Due to the power and tight pattern control of the 45°N-12s, using pairs of monitors in this configuration will provide extremely high levels of monitoring between the outer boundaries of the wedges and a similar distance upstage, while greatly reducing the levels outside of this specific listening area. The lead vocalist can now have his monitor mix as loud as he likes without upsetting the other musicians on stage.
The 45°N-12 line monitors have been engineered to be LOUD, but the extremely linear response allows for higher gain before feedback than is often achievable with conventional monitors.
- When using 45°N-12s in a coupled configuration, select the (2 x 45°N-12 ) preset to compensate for the extra LF introduced due to coupling.*
Even greater audio control is available by thoughtful selection of the 45°N-12 presets.
When using the (2 x 45°N-12 ) or (3 x 45°N-12 ) presets, the controller applies filtering to compensate for the extra LF introduced by coupling multiple wedges. This is useful, for example, when a monitor engineer is using a single wedge to monitor the mix of musicians using coupled wedges. It also means that any desired tuning applied to a single wedge can be confidently applied to coupled wedges.
The line-monitor attributes of the 45°N-12s mean that monitors may be coupled together in groups of twos, threes or fours with the groups then spaced wide apart along the front of the stage. Such a configuration will provide a consistent audio sound field right across the stage.
Out of the box, the 45°N-12 is a very “musical” sounding monitor. We receive regular reports from musicians, including many in high volume hard rock bands, that they much prefer the natural sound of the 45°N-12 s to the more “limited bandwidth sound” of many conventional monitors. However, the experienced monitor engineer should find that the 45°N-12 s respond very well to tuning, should a different sound be desired.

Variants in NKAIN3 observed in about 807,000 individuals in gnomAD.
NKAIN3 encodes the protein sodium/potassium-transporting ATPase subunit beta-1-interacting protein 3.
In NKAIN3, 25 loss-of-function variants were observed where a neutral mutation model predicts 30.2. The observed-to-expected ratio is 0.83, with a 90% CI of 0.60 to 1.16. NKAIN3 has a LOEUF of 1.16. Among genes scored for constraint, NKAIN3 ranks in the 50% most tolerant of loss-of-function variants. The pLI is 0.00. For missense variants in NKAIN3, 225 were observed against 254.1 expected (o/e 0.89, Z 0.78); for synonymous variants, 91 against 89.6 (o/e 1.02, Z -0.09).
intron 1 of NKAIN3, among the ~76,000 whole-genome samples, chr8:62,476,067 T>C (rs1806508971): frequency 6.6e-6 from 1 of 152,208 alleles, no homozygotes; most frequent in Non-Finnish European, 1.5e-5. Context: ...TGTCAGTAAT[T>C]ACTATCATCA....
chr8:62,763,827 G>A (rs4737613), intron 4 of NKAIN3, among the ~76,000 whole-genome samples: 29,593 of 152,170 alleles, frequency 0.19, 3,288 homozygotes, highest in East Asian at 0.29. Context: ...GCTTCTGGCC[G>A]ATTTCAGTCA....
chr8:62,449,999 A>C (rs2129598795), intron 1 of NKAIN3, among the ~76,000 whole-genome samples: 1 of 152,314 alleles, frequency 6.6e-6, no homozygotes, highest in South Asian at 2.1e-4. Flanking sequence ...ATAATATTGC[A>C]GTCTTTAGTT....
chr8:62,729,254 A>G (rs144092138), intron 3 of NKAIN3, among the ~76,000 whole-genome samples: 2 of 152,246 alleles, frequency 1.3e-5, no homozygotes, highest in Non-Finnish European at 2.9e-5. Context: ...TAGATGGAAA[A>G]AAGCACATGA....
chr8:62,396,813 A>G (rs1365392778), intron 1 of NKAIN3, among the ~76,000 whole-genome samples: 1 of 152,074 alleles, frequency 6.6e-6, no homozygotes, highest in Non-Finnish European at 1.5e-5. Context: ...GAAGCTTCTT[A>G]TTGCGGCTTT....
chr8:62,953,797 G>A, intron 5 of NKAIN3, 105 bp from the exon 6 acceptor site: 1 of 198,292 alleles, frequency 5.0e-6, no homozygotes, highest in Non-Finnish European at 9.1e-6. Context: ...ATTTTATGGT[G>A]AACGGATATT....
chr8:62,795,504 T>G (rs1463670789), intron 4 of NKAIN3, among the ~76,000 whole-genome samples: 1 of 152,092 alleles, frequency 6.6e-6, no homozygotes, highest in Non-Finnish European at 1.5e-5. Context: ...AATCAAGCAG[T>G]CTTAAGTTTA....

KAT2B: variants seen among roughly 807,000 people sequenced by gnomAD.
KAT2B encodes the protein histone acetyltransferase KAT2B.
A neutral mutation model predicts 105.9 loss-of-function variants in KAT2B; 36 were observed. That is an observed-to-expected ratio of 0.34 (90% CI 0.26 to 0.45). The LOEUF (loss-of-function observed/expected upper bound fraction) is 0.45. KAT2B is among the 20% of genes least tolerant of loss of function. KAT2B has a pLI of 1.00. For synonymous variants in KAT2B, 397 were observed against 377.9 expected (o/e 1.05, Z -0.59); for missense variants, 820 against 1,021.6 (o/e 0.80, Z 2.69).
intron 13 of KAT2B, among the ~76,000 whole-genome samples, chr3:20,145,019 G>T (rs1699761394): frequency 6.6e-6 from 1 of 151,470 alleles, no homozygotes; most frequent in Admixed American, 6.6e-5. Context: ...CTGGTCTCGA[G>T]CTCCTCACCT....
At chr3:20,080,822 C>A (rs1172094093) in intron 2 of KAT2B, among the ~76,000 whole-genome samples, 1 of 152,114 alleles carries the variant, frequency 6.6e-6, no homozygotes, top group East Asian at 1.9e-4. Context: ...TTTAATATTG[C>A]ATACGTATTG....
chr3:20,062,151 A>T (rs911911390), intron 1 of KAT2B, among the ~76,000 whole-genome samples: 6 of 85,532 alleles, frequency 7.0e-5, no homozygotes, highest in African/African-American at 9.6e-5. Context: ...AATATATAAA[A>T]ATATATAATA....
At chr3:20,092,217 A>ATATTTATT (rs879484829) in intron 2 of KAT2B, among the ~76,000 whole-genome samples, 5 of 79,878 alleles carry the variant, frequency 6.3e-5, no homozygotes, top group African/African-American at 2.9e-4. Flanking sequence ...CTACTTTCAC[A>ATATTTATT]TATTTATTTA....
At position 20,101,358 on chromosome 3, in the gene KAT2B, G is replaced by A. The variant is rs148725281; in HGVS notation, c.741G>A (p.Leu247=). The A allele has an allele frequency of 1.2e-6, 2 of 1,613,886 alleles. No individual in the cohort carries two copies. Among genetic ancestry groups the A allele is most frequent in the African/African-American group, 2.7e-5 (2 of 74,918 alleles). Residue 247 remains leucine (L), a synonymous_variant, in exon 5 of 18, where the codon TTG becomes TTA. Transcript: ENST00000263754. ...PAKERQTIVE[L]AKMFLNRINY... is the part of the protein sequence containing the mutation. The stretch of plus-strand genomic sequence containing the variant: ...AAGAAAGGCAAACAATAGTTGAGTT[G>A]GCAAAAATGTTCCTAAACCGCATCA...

From the engineers…
With four musicians on stage, vocals, mandolin, acoustic guitar, 12 string guitar and snare, monitor engineer Gareth Williams says “I have absolutely no doubt that these wedges could handle a lot more than I was throwing at them. The two mixes were separated by a little more than a metre and the isolation was incredible. Given room to breathe, the wedges really shine. Absolutely perfect for the job in hand. This trial has left me with the impression that the N-12 represents VERY joined-up thinking.”
Jasen Hattams mixed monitors for all the bands at this year’s Cropredy electric folk festival. “I had not one complaint from 20 or more bands over the weekend, and I was pleased with that as some of the changeovers between bands took all of 10 minutes. Lots of bands complimented us on the monitor sound. I would love to take all the credit but alas, I cannot; the “big shoe” wedges, as the local crew nicknamed them, did a great job and dealt with everything I threw at them, from acoustic fiddles, banjos and a harp to the raging onstage sound of the Horslips. The only real issue I had was that there were only ten wedges when I really needed twenty.”
Chris Wibberley, monitor man for Ray Davies, has been using two NXAMPs to drive four 45°N-12s. “Because of the way the units couple, the N-12s act as a single source. They sound absolutely fantastic! The problem with a lot of wedges is that they can sound too clean and hi-fi. But these have a bark to them. They’re still rock ‘n’ roll but they sound like a wedge doing what it is supposed to do.”